Mycotaxon 9(1): 154. 1979.
Common Name: Redwood Rooter
Synonym: Collybia umbonata Peck
Cap 5-15 cm broad, conic with an incurved margin and pointed umbo, becoming planoconvex, the disc then sometimes shallowly depressed but still umbonate; in age the margin wavy, fluted to upturned; surface moist, hygrophanous, smooth, ochraceous-brown, buff-brown to dingy tawny-brown, fading overall at maturity; flesh thin, pallid to cream; odor and taste mild.
Gills adnexed, close, moderately broad, cream, in age cream-buff, the edges occasionally discoloring brown.
Stipe 4.5-13 cm tall, 1.3-2.5 cm thick, more or less equal, cartilaginous, striate, sometimes flattened, to furrowed, cottony mycelium at the base, the latter continuing as a root-like projection; surface pruinose, cream to dingy-buff; flesh pale-buff, fibrous; veil absent.
Spores 4.5-6 x 2.5-3 µm, elliptical, smooth, amyloid; spore print white.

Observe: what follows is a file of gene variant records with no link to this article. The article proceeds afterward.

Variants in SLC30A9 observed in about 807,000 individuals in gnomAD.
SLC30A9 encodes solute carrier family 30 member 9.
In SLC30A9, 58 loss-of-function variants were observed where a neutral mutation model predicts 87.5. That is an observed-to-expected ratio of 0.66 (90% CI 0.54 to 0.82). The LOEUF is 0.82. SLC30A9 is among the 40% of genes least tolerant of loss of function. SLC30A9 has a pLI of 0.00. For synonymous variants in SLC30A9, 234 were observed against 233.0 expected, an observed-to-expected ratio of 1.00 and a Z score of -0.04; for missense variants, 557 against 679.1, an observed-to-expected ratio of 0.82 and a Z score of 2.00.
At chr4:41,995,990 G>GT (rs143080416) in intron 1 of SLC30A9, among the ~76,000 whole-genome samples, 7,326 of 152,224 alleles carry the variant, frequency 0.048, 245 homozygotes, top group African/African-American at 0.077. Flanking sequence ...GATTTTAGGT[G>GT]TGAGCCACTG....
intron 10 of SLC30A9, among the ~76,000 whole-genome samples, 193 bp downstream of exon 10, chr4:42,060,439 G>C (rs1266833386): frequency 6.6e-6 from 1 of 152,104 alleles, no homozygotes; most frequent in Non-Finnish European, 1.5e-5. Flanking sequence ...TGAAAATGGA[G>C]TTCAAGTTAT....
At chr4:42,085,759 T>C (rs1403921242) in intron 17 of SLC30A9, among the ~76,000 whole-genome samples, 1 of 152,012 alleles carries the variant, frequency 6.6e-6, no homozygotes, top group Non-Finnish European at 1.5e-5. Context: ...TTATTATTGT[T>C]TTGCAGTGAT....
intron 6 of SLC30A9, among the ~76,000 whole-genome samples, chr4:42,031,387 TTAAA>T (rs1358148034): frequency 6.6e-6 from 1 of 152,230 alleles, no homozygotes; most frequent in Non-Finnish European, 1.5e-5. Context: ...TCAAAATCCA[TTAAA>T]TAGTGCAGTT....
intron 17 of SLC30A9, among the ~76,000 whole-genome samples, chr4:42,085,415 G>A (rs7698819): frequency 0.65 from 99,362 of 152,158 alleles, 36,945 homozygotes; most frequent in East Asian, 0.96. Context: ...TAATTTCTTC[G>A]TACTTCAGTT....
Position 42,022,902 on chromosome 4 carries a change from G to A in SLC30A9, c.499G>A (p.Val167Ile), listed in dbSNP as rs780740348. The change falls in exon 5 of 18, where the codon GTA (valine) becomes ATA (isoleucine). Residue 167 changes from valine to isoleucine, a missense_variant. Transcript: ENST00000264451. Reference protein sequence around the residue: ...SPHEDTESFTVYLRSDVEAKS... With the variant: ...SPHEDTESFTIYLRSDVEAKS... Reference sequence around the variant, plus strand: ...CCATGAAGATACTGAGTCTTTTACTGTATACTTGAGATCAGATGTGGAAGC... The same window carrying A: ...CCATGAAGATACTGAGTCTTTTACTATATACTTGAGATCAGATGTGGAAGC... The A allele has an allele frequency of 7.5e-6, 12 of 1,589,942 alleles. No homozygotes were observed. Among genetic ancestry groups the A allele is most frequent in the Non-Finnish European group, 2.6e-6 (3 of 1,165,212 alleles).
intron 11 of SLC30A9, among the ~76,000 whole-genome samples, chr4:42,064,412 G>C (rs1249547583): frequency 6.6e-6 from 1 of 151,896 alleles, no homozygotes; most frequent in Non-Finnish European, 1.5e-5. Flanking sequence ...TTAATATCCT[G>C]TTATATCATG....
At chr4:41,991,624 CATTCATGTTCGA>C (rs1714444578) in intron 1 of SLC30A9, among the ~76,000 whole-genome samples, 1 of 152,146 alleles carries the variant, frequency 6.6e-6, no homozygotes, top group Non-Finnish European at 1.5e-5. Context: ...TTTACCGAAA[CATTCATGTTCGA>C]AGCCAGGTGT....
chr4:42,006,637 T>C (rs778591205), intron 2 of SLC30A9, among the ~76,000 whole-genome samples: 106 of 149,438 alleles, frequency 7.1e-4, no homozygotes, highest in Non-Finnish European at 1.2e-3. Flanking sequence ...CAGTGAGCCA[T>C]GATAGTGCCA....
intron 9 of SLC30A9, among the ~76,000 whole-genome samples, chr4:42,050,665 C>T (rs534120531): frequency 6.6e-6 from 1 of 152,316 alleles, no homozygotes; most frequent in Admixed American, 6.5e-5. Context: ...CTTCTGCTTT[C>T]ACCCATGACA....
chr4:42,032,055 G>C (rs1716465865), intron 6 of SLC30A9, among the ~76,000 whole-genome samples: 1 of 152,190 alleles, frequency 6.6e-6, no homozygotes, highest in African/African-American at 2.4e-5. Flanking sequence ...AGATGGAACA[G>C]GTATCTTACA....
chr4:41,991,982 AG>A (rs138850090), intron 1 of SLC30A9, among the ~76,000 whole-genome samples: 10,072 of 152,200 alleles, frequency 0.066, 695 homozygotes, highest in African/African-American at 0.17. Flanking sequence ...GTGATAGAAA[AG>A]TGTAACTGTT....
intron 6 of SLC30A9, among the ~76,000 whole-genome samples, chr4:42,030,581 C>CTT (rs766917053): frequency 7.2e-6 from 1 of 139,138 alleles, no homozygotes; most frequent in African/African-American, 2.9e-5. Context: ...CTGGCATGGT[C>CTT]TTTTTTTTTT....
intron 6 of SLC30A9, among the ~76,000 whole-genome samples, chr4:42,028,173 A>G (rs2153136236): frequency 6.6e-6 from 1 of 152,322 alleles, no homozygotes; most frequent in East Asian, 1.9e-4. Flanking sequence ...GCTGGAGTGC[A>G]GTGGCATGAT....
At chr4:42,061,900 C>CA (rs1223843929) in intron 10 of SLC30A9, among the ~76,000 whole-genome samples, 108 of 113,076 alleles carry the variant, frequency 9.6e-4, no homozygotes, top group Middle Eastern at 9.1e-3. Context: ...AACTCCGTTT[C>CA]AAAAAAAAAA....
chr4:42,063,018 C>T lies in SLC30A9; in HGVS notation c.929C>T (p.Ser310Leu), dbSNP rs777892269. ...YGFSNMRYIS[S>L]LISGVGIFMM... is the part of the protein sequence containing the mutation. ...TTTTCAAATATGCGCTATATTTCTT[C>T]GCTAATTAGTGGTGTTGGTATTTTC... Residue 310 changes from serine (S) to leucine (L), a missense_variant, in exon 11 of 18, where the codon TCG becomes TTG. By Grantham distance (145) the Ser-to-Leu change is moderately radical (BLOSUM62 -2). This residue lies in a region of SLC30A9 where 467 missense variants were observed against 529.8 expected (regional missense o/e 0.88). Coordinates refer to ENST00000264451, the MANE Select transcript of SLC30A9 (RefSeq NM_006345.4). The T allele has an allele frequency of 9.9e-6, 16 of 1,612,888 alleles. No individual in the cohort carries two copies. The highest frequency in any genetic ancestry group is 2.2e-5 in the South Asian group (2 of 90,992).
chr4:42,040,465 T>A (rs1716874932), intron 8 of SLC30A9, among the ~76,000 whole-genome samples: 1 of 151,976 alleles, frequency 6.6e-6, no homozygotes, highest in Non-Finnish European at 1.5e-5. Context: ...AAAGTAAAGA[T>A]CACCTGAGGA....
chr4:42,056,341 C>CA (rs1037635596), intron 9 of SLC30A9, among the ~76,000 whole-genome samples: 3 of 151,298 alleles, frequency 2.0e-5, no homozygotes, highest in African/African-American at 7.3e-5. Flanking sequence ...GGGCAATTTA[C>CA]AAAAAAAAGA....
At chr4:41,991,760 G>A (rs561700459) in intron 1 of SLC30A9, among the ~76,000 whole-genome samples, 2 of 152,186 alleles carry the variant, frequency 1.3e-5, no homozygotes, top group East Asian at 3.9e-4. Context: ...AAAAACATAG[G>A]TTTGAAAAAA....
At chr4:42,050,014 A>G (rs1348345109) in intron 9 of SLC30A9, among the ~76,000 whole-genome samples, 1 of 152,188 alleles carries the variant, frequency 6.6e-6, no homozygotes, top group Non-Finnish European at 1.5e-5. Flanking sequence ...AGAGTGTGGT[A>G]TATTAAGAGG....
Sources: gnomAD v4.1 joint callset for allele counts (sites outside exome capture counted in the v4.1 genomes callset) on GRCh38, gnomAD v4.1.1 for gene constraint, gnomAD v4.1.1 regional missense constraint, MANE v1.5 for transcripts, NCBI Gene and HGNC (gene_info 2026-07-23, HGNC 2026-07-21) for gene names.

Solitary to scattered under redwood; fruiting from early to mid-winter.
Caulorhiza umbonata is one of the few medium to large mushrooms that fruits under coast redwood (Sequoia sempervirens). The conic, when young, yellowish-brown cap with a pointed umbo, and pseudorhiza which extends deep into the substrate make it an easy species to identify.
Desjardin, D.E., Wood, M.G. & Stevens, F.A. (2015). California Mushrooms: The Comprehensive Identification Guide. Timber Press: Portland, OR. 560 p.
Lennox, J.W. (1979). Collybioid genera in the Pacific Northwest. Mycotaxon 9(1): 117-231.
Peck, C.H. (1904). New species of fungi. Bull. Torrey bot. Club 31(4): 177-182. (Protologue)
Smith, A.H. (1937). New and Unusual Agarics from the Western United States. Mycologia 29(1): 45-59.